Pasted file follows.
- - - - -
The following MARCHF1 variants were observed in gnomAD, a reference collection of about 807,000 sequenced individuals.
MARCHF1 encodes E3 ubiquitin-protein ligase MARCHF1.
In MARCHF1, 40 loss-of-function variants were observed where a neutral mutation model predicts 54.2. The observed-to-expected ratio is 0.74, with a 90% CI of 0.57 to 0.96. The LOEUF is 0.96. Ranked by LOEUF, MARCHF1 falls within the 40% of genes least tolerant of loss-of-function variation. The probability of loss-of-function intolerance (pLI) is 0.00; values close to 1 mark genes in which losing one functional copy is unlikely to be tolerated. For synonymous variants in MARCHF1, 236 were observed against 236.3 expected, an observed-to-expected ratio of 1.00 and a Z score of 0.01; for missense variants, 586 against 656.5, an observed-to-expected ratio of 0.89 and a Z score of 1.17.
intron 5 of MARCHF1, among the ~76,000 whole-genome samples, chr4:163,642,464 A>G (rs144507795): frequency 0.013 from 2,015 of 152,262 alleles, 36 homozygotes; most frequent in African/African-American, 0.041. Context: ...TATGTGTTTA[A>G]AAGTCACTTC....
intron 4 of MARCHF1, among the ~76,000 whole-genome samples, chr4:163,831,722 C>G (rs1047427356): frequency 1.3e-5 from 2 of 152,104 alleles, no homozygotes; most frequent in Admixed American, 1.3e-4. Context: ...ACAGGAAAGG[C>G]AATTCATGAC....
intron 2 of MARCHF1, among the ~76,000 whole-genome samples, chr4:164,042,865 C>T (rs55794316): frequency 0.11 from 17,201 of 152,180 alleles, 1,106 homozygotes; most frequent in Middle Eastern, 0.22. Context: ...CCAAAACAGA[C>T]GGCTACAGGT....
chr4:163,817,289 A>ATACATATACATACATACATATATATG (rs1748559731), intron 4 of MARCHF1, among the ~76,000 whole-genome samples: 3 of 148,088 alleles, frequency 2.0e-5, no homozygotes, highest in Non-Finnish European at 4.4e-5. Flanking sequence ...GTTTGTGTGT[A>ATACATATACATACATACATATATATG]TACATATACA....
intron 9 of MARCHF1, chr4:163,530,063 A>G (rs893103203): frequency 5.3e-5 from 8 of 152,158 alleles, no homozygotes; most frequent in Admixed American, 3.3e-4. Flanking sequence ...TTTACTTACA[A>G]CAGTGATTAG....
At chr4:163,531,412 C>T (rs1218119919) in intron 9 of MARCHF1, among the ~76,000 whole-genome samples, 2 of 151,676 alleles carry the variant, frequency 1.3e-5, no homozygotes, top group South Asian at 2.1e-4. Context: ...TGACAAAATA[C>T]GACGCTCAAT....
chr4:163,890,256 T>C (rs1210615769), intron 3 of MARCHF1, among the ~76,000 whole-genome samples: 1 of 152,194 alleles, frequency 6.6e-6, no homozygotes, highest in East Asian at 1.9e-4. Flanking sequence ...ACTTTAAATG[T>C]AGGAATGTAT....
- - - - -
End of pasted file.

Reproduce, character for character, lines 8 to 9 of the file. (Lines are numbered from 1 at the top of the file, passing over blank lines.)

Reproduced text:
intron 9 of MARCHF1, chr4:163,530,063 A>G (rs893103203): frequency 5.3e-5 from 8 of 152,158 alleles, no homozygotes; most frequent in Admixed American, 3.3e-4. Flanking sequence ...TTTACTTACA[A>G]CAGTGATTAG....
At chr4:163,531,412 C>T (rs1218119919) in intron 9 of MARCHF1, among the ~76,000 whole-genome samples, 2 of 151,676 alleles carry the variant, frequency 1.3e-5, no homozygotes, top group South Asian at 2.1e-4. Context: ...TGACAAAATA[C>T]GACGCTCAAT....